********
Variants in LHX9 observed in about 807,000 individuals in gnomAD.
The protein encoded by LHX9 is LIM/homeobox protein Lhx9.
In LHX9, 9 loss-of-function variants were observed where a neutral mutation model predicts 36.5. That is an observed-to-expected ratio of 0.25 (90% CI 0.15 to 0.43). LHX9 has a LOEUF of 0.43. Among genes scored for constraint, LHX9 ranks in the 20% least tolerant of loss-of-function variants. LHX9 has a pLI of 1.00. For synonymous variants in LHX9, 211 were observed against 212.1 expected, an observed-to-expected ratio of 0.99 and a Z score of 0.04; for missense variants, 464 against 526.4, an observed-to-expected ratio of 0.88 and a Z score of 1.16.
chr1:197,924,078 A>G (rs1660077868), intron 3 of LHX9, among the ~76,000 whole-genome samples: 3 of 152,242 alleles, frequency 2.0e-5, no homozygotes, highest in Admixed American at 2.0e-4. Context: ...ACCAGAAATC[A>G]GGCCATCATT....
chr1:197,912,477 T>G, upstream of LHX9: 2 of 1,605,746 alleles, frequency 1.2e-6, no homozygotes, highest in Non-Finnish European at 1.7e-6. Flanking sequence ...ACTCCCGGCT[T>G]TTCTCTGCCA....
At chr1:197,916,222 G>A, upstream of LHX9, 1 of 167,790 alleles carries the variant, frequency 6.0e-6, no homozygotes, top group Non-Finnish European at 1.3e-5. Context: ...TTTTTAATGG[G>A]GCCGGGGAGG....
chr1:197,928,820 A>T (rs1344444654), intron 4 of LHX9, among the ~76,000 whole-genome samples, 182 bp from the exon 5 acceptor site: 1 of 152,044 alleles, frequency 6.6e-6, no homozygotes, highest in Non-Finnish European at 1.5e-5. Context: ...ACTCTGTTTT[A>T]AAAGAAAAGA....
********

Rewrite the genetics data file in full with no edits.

Variants in LHX9 observed in about 807,000 individuals in gnomAD.
The protein encoded by LHX9 is LIM/homeobox protein Lhx9.
In LHX9, 9 loss-of-function variants were observed where a neutral mutation model predicts 36.5. That is an observed-to-expected ratio of 0.25 (90% CI 0.15 to 0.43). LHX9 has a LOEUF of 0.43. Among genes scored for constraint, LHX9 ranks in the 20% least tolerant of loss-of-function variants. LHX9 has a pLI of 1.00. For synonymous variants in LHX9, 211 were observed against 212.1 expected, an observed-to-expected ratio of 0.99 and a Z score of 0.04; for missense variants, 464 against 526.4, an observed-to-expected ratio of 0.88 and a Z score of 1.16.
chr1:197,924,078 A>G (rs1660077868), intron 3 of LHX9, among the ~76,000 whole-genome samples: 3 of 152,242 alleles, frequency 2.0e-5, no homozygotes, highest in Admixed American at 2.0e-4. Context: ...ACCAGAAATC[A>G]GGCCATCATT....
chr1:197,912,477 T>G, upstream of LHX9: 2 of 1,605,746 alleles, frequency 1.2e-6, no homozygotes, highest in Non-Finnish European at 1.7e-6. Flanking sequence ...ACTCCCGGCT[T>G]TTCTCTGCCA....
At chr1:197,916,222 G>A, upstream of LHX9, 1 of 167,790 alleles carries the variant, frequency 6.0e-6, no homozygotes, top group Non-Finnish European at 1.3e-5. Context: ...TTTTTAATGG[G>A]GCCGGGGAGG....
chr1:197,928,820 A>T (rs1344444654), intron 4 of LHX9, among the ~76,000 whole-genome samples, 182 bp from the exon 5 acceptor site: 1 of 152,044 alleles, frequency 6.6e-6, no homozygotes, highest in Non-Finnish European at 1.5e-5. Context: ...ACTCTGTTTT[A>T]AAAGAAAAGA....